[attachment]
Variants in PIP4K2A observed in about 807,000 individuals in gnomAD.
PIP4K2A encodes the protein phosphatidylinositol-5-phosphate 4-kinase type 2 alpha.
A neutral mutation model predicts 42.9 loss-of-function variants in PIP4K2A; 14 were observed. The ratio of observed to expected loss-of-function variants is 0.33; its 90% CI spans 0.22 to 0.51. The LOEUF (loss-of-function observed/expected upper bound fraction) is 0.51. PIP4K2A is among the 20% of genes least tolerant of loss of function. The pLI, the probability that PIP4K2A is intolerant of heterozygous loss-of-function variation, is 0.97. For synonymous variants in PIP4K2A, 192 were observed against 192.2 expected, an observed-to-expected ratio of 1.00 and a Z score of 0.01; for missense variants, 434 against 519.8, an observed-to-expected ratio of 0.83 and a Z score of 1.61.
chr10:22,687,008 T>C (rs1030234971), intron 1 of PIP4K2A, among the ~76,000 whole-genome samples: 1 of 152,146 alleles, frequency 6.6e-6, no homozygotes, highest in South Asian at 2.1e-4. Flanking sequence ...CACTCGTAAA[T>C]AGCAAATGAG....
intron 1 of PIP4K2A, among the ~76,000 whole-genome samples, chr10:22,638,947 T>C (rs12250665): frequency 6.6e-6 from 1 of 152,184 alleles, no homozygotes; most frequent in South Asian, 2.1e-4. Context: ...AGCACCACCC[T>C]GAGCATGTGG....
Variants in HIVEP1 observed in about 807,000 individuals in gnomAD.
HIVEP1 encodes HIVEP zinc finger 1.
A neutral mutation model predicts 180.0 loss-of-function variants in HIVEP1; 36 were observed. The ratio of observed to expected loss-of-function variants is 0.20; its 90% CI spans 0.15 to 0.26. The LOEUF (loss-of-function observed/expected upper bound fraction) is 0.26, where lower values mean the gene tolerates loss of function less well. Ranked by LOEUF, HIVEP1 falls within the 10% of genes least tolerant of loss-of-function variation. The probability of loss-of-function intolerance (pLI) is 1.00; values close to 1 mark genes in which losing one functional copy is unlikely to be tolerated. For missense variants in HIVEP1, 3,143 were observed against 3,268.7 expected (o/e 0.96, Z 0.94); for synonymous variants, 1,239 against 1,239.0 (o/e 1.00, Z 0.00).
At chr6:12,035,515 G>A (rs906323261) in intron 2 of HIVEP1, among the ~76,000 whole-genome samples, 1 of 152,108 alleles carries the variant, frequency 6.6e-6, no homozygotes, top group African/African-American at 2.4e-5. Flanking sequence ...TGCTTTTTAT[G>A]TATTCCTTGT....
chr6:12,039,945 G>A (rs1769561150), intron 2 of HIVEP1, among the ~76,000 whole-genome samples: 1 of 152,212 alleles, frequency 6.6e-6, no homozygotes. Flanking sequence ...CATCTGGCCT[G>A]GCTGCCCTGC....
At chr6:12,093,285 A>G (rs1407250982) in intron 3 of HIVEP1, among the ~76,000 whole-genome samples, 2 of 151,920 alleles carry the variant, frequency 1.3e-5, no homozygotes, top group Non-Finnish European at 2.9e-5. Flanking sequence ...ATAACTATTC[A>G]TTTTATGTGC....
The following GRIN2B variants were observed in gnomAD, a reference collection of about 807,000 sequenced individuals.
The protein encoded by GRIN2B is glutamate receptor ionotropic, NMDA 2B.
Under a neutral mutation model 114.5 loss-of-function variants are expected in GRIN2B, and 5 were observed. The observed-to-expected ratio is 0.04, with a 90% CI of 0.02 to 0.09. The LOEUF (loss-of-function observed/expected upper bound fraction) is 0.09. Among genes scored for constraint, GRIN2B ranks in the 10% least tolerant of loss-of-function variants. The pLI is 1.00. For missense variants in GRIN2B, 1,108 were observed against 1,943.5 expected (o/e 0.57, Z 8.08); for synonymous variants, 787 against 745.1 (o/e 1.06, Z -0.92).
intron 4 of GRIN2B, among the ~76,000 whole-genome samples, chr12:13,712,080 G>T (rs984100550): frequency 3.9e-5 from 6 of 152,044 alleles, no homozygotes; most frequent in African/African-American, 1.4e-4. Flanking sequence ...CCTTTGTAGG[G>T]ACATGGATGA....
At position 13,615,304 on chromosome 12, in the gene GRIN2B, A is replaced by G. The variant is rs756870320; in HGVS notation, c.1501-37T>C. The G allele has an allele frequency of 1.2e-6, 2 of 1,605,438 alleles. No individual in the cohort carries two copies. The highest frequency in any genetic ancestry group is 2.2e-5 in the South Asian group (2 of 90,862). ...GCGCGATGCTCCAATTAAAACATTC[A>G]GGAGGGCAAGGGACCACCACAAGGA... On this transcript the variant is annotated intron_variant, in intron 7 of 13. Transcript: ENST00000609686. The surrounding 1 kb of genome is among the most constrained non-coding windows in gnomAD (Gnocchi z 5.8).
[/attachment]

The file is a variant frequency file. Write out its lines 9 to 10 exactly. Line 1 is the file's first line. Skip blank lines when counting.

At chr6:12,035,515 G>A (rs906323261) in intron 2 of HIVEP1, among the ~76,000 whole-genome samples, 1 of 152,108 alleles carries the variant, frequency 6.6e-6, no homozygotes, top group African/African-American at 2.4e-5. Flanking sequence ...TGCTTTTTAT[G>A]TATTCCTTGT....
chr6:12,039,945 G>A (rs1769561150), intron 2 of HIVEP1, among the ~76,000 whole-genome samples: 1 of 152,212 alleles, frequency 6.6e-6, no homozygotes. Flanking sequence ...CATCTGGCCT[G>A]GCTGCCCTGC....